I am thrilled to announce that Ronald Feldman Fine Arts will dedicate their booth at The Armory Show this year to my series Frameworks of Absence (and a selection of my other works). The booth will take the form of small museum depicting the disappearance of animals in the Americas over the past four centuries.
As response to the current mass extinction event, referred to as the Holocene or Sixth Great Extinction, I physically cut images of missing animals from actual historic prints and publications printed at the time in history when the depicted species became extinct. The resulting image minus the subject is what I refer to as a Framework of Absence.
The Frameworks of Absence series was started in 2006 and the plan for the Armory Show has been in the works for almost a year. I actually spent most of 2014 researching extinct species, sourcing prints and creating close to 100 new works for this show! For these new works, I am collaborating with the wonderful team at Q Art Co to create frames inspired from the time period of each original print.
The exhibition will also be in support of the Natural Resources Defense Council’s (NRDC) vital work to protect wildlife and ecosystems. Check out the press release for more information and more news soon!
The fair opens March 5 in NYC and I hope to see you there.
RIP Great Auk: After John Gould
Artist cut and burnt hand-colored lithograph “Pl. 55 Alca Impennis” drawn by John Gould and depicted on stone by H.C. Richter from The Birds of Great Britain, Volume 5 published by John Gould in 1873
13.5 inches by 20.5 inches
RIP Audubon’s Bighorn Sheep: After John Woodhouse Audubon
Artist cut and burnt print hand colored stone lithograph “No.15 Plate LXXIII Rocky Mountain Sheep” from Viviparous Quadrupeds of North America by John James Audubon and John Bachman, drawn from nature by John Woodhouse Audubon, depicted onto stone by William E. Hitchcock, Octavo Edition printed and hand colored by J. T. Bowen published in 1849.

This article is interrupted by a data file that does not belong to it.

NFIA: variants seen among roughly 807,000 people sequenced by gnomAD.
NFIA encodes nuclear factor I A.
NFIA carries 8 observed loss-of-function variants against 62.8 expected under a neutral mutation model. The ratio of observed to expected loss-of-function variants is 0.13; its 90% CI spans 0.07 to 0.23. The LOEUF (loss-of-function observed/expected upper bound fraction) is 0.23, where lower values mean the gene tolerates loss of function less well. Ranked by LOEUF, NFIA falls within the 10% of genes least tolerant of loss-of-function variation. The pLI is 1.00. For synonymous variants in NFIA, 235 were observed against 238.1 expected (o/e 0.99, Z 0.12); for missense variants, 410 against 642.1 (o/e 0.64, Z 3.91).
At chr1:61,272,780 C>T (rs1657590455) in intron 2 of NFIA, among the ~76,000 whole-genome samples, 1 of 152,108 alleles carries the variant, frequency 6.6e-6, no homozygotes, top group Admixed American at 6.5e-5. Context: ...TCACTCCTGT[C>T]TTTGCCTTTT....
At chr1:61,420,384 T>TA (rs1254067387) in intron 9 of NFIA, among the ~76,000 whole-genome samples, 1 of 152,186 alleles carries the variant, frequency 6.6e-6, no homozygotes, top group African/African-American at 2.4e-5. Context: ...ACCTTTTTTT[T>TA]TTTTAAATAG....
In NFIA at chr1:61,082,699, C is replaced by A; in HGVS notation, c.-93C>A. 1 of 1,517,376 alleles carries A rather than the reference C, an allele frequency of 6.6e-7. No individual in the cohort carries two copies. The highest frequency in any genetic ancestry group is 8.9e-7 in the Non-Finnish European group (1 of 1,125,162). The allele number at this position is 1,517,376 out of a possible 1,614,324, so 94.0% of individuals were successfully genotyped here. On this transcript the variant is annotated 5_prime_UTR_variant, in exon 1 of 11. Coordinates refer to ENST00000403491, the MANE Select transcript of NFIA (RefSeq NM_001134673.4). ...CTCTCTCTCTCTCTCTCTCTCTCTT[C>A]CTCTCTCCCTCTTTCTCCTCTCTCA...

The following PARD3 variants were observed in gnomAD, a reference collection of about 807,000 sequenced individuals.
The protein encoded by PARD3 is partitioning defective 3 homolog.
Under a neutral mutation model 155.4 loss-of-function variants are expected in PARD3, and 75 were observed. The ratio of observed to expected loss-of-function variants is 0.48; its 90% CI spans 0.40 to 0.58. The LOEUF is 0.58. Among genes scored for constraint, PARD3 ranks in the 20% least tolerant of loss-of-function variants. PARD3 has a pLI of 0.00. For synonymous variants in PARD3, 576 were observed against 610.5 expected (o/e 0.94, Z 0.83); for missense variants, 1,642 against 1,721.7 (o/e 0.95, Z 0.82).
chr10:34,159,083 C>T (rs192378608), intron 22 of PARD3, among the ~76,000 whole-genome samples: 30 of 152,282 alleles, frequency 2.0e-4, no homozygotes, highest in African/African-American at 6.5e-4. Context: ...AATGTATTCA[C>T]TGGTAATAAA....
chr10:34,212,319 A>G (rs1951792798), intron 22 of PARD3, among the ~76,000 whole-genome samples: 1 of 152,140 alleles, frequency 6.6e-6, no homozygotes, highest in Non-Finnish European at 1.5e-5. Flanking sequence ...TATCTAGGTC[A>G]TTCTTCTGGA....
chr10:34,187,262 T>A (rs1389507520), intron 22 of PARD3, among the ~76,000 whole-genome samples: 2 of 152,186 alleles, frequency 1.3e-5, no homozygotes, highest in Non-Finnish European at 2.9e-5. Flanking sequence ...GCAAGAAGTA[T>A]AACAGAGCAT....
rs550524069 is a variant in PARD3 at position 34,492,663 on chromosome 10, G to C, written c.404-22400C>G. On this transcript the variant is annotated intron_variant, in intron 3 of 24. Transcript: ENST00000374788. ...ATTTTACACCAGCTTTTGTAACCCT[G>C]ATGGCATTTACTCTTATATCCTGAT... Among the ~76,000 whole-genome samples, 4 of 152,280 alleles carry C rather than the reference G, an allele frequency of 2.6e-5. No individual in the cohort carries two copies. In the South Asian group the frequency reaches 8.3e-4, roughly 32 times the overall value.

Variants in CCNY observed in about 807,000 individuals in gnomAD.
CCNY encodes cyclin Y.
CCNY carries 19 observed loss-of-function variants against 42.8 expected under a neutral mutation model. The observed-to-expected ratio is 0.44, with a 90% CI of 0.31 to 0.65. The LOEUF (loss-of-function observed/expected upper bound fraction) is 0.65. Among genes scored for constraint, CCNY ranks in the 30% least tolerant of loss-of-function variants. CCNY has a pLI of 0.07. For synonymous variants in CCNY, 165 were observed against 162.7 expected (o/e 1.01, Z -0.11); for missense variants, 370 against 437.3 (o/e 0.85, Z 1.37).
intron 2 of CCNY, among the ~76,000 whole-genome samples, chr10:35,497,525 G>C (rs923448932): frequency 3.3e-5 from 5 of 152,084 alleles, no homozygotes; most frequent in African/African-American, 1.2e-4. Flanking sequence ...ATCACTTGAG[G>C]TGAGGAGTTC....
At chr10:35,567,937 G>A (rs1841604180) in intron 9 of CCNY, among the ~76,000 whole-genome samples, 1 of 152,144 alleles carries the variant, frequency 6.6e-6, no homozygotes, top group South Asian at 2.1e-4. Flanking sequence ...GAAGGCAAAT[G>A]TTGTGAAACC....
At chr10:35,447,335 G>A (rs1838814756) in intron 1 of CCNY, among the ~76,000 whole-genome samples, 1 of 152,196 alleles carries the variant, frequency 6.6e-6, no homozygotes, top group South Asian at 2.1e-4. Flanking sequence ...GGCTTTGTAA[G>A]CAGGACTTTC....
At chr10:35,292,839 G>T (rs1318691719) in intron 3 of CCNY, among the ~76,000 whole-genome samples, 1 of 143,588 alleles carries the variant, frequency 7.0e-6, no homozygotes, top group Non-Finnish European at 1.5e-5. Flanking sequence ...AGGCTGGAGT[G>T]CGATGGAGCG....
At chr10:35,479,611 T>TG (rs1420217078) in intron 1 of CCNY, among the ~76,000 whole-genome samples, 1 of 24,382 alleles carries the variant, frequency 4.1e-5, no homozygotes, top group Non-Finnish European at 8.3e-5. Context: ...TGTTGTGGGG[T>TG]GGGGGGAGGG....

7 by 10.25 inches
RIP Sloane’s Urania Butterfly: After W.F. Kirby
Artist cut and burnt print hand colored stone lithograph “Plate LXXIII 1. Cydimon brasiliensis 2. Cydimon sloanus” from A Handbook to the Order Lepidoptera by W.F. Kirby published in 1897
7.5 by 4.75 inches
Please join us tomorrow at the 12th World Congress of Bioethics. Here I will be presenting The Art, Science And Ecological Ethics Of Deformed Amphibians: A Practioner’s Perspective in the symposium From Bioethics to BioArt: A Question about the Limits organized by Prof. Dr. Antonia González Valerio (National Autonomous University of Mexico, Mexico City, Mexico) and PD Dr. Ingeborg Reichle (Humboldt University, Berlin, Germany).
A dire situation of amphibian decline has happened in the Netherlands. In the past five years 96% of the Fire salamander population has been wiped out by a new fungus that is devouring their skin.
In an attempt to save the species from extinction, Dutch scientists have created SOS Vuursalamander and are keeping the majority of the remaining population (only 120 of them) captive until re-introduction is possible. Keeping and treating them is very costly and, unfortunately, the organization has received very little funding so far. The scientists desperately need help to continue their efforts.
Working with Museum Het Domein, RAVON and several partner organizations, I just debuted a new limited edition print to directly raise money for “adopting” for these Fire salamanders.
All profits will go to SOS Vuursalamander and with the sale of one print, 2 living salamanders will be saved for more than a year in captivity. The goal for the edition is nothing short of trying to save these beautiful salamanders from extinction!
2014. Archival pigment print on Hahnemühle Photo Rag Bright White 310 gms
59,4 x 42 cm/ 23.25 x 16.5 inches
Printed by master printer Peter Foolen
Limited edition of 96 prints, each signed and numbered
Price € 150 (about $ 200 U.S. Dollars) + mailing cost
To order please email Simoon Hanssen at Museum Het Domein email@example.com
The artwork depicts two wild Fire salamanders that died from the fungal infection in the Netherlands. The specimens were cleared and stained then photographed while I was in residence at Museum Het Domein this past May. The background is a micro-detail of ashes meant to recall cremation ceremonies. There are 96 total prints in the edition representing the 96% population decline to the species. Click here for more information.
Please help us save these wonderful creatures by buying a print.